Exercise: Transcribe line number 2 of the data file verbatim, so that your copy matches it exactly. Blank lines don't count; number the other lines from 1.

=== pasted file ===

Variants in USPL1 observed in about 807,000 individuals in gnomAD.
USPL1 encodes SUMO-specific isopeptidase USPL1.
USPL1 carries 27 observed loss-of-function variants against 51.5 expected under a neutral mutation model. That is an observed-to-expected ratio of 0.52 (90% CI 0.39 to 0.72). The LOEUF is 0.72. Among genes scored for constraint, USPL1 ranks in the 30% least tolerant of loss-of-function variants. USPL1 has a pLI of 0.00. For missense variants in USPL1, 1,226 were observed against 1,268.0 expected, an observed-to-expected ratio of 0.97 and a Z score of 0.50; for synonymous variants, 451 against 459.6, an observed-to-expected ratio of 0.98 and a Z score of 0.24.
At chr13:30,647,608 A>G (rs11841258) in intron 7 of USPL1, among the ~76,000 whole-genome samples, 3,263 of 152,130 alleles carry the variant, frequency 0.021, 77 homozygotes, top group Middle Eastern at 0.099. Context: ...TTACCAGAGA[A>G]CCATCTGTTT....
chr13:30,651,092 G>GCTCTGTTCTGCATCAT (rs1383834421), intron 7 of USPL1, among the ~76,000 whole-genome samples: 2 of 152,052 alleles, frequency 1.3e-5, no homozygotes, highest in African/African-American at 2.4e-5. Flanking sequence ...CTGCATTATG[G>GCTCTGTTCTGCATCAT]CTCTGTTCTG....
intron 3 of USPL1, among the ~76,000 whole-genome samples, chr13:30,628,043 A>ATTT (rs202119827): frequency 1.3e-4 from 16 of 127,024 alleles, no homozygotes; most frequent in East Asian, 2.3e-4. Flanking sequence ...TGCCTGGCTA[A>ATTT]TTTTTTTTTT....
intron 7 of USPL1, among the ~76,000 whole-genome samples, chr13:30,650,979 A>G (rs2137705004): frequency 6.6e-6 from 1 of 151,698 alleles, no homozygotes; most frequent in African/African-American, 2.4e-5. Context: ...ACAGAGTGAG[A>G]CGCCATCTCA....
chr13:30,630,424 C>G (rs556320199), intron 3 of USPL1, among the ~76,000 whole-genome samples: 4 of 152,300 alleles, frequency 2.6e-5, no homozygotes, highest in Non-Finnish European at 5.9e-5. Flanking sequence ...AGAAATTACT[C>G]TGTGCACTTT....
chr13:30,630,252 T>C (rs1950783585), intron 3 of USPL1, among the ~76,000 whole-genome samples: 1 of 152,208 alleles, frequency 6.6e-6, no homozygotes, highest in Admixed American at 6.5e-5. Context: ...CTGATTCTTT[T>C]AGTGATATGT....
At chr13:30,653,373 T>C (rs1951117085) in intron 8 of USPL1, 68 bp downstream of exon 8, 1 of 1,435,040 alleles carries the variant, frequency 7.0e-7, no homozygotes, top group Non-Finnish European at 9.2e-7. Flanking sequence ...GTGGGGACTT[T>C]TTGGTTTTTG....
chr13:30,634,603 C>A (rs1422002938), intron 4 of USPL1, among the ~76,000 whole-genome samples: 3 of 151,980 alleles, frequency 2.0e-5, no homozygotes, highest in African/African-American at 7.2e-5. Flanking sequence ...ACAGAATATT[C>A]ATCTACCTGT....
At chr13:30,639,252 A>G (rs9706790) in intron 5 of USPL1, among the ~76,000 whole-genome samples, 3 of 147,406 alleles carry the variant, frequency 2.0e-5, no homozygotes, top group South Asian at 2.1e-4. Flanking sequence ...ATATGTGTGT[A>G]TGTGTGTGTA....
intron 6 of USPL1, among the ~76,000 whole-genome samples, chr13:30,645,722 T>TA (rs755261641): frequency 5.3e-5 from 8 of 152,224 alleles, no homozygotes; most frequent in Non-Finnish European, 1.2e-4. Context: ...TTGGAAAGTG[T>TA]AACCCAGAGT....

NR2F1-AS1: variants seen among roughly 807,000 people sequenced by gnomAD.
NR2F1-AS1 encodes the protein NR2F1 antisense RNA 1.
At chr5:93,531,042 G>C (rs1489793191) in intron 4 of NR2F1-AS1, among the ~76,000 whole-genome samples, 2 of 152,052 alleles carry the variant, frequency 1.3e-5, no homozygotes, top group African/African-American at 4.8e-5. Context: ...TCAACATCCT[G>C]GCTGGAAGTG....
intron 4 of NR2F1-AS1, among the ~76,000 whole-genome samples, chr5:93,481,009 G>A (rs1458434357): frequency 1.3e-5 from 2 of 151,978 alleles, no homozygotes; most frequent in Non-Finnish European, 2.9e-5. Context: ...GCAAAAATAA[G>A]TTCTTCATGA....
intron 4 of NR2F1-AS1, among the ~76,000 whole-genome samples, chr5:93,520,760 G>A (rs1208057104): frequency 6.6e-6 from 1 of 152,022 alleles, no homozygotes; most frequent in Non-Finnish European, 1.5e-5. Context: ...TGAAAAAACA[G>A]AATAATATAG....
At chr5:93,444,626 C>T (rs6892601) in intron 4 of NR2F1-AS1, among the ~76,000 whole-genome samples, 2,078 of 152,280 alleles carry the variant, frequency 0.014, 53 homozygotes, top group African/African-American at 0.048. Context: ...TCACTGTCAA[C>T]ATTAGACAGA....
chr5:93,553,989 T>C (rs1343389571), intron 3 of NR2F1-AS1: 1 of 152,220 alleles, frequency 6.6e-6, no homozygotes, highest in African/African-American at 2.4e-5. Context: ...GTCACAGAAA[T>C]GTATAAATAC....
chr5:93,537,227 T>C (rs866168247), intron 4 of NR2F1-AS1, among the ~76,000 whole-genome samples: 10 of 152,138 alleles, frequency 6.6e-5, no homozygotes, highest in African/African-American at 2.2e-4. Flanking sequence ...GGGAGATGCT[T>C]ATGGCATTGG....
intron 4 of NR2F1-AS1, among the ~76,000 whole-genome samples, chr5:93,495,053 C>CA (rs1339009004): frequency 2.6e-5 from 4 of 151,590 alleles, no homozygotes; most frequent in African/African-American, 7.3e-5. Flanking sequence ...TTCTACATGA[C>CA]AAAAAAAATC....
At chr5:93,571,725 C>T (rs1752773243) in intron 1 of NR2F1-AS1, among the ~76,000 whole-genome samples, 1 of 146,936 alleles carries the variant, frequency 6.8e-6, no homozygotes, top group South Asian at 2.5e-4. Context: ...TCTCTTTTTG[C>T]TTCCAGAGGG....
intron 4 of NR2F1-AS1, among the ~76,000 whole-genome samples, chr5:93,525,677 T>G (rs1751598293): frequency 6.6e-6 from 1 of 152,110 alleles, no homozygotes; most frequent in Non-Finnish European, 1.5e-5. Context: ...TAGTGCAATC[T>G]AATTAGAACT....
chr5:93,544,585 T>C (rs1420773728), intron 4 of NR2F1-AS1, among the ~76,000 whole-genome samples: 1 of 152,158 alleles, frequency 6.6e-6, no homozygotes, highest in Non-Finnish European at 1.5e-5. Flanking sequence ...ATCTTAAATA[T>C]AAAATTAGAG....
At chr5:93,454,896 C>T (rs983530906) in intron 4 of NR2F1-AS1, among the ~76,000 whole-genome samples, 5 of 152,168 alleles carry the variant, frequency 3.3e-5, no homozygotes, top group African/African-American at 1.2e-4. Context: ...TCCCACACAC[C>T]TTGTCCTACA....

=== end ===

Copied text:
USPL1 encodes SUMO-specific isopeptidase USPL1.